The Effect of an Increasing Minimum Wage on Business Valuations in the Fast-Food Industry
By Joseph DeCusati, CPA, ABV, ASA, CFE, Partner, Valuation & Litigation Support
As a result of legislative efforts, ballot measures, and adjustments for inflation, 20 states increased their minimum wage in 2019.
These increases, ranging from a $0.05 per hour inflation adjustment to a $2 per hour statutory increase, will impact 5.2 million workers this year. For minimum wage laborers who work the entire year, the impact on their annual pay will range from $90 and $1,300, according to a recent Economic Policy Institute report1.
Many companies in many industries will be affected to some degree by the rising minimum wage labor costs. Fast food restaurants are among those most likely to be impacted.
Minimum wage costs have long been a critical issue in the fast food service industry. Labor unions organize workers to fight for better wages, and as a result, several cities across the United States have experienced strikes by fast-food employees in recent years.
The recent increases in minimum wages have led restaurant operators with low profit margins to question how much they can afford to pay employees while remaining profitable.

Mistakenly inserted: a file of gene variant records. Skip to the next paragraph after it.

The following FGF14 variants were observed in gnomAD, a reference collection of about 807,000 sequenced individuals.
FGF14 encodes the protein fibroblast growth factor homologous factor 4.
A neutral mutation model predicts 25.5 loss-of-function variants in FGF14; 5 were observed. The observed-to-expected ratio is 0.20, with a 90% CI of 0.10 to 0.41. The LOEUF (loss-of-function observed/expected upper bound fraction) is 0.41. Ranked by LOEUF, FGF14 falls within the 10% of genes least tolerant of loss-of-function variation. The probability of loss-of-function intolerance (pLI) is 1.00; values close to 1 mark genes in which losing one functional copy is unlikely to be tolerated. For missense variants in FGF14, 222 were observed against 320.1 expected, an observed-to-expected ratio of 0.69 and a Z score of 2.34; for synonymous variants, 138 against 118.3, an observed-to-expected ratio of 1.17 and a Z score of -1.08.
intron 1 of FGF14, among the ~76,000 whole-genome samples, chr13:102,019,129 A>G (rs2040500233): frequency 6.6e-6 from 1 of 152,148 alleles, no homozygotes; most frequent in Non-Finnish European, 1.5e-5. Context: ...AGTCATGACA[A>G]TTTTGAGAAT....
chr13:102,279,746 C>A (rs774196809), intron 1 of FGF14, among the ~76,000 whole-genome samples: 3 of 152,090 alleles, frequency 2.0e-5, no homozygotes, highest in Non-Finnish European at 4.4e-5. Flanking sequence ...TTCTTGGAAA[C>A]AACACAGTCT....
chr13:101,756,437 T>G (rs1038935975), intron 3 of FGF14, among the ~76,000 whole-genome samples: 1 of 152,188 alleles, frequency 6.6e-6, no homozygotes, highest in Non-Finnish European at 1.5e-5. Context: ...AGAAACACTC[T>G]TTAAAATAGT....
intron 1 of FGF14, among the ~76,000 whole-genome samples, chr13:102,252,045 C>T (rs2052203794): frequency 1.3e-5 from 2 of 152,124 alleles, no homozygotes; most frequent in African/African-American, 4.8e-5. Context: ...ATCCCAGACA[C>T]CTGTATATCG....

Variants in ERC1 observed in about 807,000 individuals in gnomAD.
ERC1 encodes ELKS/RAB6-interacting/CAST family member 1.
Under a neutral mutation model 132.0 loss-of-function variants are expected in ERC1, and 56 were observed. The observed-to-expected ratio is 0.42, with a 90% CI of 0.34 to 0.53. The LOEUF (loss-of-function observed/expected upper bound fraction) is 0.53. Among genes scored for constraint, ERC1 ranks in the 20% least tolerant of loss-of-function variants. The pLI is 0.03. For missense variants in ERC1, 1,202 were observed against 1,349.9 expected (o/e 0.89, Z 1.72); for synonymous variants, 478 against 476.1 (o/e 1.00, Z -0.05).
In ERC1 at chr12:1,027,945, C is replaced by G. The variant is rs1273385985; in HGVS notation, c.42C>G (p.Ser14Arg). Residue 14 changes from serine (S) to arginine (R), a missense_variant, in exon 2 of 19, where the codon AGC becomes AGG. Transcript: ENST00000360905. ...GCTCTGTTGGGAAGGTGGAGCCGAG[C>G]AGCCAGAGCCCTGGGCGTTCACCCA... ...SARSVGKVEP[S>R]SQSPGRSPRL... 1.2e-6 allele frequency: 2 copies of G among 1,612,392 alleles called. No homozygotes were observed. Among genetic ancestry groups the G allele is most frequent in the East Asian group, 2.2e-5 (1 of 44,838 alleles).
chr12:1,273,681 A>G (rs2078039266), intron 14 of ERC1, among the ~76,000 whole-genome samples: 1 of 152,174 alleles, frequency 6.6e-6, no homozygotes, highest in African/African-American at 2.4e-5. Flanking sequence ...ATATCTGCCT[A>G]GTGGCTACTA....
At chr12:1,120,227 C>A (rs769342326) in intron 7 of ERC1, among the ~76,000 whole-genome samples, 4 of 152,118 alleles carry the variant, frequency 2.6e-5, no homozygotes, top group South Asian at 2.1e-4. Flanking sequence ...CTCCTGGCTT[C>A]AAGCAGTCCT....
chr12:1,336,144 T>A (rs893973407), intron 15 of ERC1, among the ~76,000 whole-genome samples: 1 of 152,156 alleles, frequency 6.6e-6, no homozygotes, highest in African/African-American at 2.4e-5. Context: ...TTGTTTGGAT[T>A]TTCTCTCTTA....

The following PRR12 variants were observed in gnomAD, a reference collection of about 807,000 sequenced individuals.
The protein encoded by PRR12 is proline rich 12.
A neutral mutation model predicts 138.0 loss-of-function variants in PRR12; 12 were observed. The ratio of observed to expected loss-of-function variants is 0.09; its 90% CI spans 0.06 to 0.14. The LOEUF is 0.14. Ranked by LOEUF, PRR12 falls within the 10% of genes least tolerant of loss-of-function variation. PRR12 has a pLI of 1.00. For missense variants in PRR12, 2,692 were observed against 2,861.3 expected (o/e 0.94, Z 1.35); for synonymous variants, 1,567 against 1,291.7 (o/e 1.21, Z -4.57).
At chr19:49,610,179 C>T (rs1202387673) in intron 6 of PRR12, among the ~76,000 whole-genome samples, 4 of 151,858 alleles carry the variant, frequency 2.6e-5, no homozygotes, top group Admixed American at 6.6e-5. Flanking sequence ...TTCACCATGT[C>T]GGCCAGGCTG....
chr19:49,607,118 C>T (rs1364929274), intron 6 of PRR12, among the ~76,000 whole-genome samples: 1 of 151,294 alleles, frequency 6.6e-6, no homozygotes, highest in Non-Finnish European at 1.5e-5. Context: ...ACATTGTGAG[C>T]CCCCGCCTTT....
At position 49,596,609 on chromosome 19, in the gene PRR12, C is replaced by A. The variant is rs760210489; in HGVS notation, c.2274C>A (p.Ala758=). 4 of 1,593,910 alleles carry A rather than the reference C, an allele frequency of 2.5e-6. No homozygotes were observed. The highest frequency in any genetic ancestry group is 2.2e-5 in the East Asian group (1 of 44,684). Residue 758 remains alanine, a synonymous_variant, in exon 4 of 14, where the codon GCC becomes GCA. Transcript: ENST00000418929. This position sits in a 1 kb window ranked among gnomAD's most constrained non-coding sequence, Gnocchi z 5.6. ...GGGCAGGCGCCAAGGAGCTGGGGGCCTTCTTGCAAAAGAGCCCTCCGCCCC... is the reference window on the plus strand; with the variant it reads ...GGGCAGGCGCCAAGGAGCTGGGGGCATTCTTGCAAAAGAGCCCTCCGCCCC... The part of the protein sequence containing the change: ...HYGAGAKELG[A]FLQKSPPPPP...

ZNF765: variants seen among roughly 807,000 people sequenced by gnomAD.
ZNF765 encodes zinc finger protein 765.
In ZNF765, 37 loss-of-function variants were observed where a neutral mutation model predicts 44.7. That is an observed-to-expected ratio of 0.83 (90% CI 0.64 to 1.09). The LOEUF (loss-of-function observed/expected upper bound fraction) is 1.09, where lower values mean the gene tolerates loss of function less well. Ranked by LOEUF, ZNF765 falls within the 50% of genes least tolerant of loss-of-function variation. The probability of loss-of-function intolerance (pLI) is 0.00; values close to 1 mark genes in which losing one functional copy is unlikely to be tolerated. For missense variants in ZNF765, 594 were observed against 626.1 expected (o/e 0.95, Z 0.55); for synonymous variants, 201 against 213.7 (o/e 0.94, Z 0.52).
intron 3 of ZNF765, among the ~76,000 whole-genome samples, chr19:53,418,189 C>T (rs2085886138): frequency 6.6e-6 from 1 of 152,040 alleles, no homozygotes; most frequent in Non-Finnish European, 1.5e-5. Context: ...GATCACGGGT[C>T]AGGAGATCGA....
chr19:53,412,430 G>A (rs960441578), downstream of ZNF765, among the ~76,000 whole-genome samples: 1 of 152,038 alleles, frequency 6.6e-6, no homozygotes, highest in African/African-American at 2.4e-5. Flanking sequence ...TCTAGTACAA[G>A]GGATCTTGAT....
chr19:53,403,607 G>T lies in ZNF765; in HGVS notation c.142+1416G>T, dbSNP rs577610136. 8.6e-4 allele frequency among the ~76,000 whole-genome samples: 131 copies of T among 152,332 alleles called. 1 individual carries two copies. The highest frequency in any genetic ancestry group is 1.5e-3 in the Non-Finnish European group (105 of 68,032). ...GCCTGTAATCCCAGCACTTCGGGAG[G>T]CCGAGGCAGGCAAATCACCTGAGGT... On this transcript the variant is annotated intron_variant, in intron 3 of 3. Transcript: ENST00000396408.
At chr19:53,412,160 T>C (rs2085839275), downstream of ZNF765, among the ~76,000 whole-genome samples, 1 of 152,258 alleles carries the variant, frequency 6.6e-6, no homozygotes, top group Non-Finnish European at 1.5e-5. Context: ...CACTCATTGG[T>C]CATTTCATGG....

Some restaurant owner industry organizations are opposed to minimum wage hikes, believing they will negatively impact restaurant profitability.
On May 17, 2019, Connecticut lawmakers passed House Bill 5004, “An Act Increasing the Minimum Fair Wage,” which raises the state’s minimum wage, in increments, to $15 per hour by 2023.
The Connecticut minimum wage, as of December 31, 2018, was $10.10 per hour. House Bill 5004 mandated the following increases:
|October 1, 2019||$11.00|
|September 1, 2020||$12.00|
|August 1, 2021||$13.00|
|July 1, 2022||$14.00|
|June 1, 2023||$15.00|
Owners of fast-food enterprises have expressed significant concern about the effect that the passage of House Bill 5004 will have on their cash flows from their investment.
Wage expense typically represents one of the most significant expense items on a fast food company’s income statement, which, in turn, represents a decrease in future earnings and profits. As a result, the potential impact of the legislative changes to the minimum wage laws should be considered in a business appraiser’s analysis. The most likely areas where business appraisers will consider the effect of the changes to the minimum wage would be projected future growth rates and consideration of the unsystematic risk premium included in the equity discount rate.
Since changes to local minimum wages are often established by state law, an appraiser should be aware of the phase-in of each state’s minimum wage escalation rates when preparing a business appraisal.
1. Economic Policy Institute: https://www.epi.org/